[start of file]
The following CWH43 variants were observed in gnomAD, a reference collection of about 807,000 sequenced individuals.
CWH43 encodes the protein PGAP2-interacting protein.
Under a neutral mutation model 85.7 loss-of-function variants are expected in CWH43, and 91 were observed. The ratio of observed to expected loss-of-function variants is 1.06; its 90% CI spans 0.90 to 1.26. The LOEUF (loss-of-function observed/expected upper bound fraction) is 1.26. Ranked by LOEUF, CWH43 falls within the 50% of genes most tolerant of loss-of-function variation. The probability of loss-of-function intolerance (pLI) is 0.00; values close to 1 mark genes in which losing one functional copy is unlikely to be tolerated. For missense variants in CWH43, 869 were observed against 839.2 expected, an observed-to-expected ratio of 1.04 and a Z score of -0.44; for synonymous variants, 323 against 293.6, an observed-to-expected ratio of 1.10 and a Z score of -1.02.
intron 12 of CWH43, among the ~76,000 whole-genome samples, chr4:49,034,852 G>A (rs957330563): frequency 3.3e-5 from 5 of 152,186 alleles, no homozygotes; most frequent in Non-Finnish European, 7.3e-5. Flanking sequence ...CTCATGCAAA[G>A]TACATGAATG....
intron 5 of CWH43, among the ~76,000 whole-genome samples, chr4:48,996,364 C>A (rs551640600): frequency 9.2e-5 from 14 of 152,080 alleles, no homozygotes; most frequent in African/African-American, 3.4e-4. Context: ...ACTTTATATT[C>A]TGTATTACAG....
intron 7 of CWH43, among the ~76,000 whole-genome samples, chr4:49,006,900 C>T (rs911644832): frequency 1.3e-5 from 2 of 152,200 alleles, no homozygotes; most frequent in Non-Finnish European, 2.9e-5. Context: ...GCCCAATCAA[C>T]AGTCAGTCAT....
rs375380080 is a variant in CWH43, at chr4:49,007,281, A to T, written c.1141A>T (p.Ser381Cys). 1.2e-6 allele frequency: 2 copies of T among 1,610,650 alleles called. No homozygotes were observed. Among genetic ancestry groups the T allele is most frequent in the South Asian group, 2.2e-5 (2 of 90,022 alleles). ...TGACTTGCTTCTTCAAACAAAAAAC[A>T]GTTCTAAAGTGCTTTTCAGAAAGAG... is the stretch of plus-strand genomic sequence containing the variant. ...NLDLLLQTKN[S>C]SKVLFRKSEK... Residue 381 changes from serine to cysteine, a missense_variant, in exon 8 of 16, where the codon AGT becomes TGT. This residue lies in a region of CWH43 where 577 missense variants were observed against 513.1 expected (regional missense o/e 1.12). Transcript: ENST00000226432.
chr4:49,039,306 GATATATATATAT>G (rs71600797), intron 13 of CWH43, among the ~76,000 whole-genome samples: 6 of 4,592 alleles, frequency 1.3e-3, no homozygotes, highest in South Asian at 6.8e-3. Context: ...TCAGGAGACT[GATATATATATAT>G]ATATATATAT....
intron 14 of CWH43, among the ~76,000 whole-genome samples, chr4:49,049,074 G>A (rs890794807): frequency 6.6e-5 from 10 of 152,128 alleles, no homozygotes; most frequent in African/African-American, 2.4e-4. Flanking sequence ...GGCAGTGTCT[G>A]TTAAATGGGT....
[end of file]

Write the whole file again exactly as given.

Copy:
The following CWH43 variants were observed in gnomAD, a reference collection of about 807,000 sequenced individuals.
CWH43 encodes the protein PGAP2-interacting protein.
Under a neutral mutation model 85.7 loss-of-function variants are expected in CWH43, and 91 were observed. The ratio of observed to expected loss-of-function variants is 1.06; its 90% CI spans 0.90 to 1.26. The LOEUF (loss-of-function observed/expected upper bound fraction) is 1.26. Ranked by LOEUF, CWH43 falls within the 50% of genes most tolerant of loss-of-function variation. The probability of loss-of-function intolerance (pLI) is 0.00; values close to 1 mark genes in which losing one functional copy is unlikely to be tolerated. For missense variants in CWH43, 869 were observed against 839.2 expected, an observed-to-expected ratio of 1.04 and a Z score of -0.44; for synonymous variants, 323 against 293.6, an observed-to-expected ratio of 1.10 and a Z score of -1.02.
intron 12 of CWH43, among the ~76,000 whole-genome samples, chr4:49,034,852 G>A (rs957330563): frequency 3.3e-5 from 5 of 152,186 alleles, no homozygotes; most frequent in Non-Finnish European, 7.3e-5. Flanking sequence ...CTCATGCAAA[G>A]TACATGAATG....
intron 5 of CWH43, among the ~76,000 whole-genome samples, chr4:48,996,364 C>A (rs551640600): frequency 9.2e-5 from 14 of 152,080 alleles, no homozygotes; most frequent in African/African-American, 3.4e-4. Context: ...ACTTTATATT[C>A]TGTATTACAG....
intron 7 of CWH43, among the ~76,000 whole-genome samples, chr4:49,006,900 C>T (rs911644832): frequency 1.3e-5 from 2 of 152,200 alleles, no homozygotes; most frequent in Non-Finnish European, 2.9e-5. Context: ...GCCCAATCAA[C>T]AGTCAGTCAT....
rs375380080 is a variant in CWH43, at chr4:49,007,281, A to T, written c.1141A>T (p.Ser381Cys). 1.2e-6 allele frequency: 2 copies of T among 1,610,650 alleles called. No homozygotes were observed. Among genetic ancestry groups the T allele is most frequent in the South Asian group, 2.2e-5 (2 of 90,022 alleles). ...TGACTTGCTTCTTCAAACAAAAAAC[A>T]GTTCTAAAGTGCTTTTCAGAAAGAG... is the stretch of plus-strand genomic sequence containing the variant. ...NLDLLLQTKN[S>C]SKVLFRKSEK... Residue 381 changes from serine to cysteine, a missense_variant, in exon 8 of 16, where the codon AGT becomes TGT. This residue lies in a region of CWH43 where 577 missense variants were observed against 513.1 expected (regional missense o/e 1.12). Transcript: ENST00000226432.
chr4:49,039,306 GATATATATATAT>G (rs71600797), intron 13 of CWH43, among the ~76,000 whole-genome samples: 6 of 4,592 alleles, frequency 1.3e-3, no homozygotes, highest in South Asian at 6.8e-3. Context: ...TCAGGAGACT[GATATATATATAT>G]ATATATATAT....
intron 14 of CWH43, among the ~76,000 whole-genome samples, chr4:49,049,074 G>A (rs890794807): frequency 6.6e-5 from 10 of 152,128 alleles, no homozygotes; most frequent in African/African-American, 2.4e-4. Flanking sequence ...GGCAGTGTCT[G>A]TTAAATGGGT....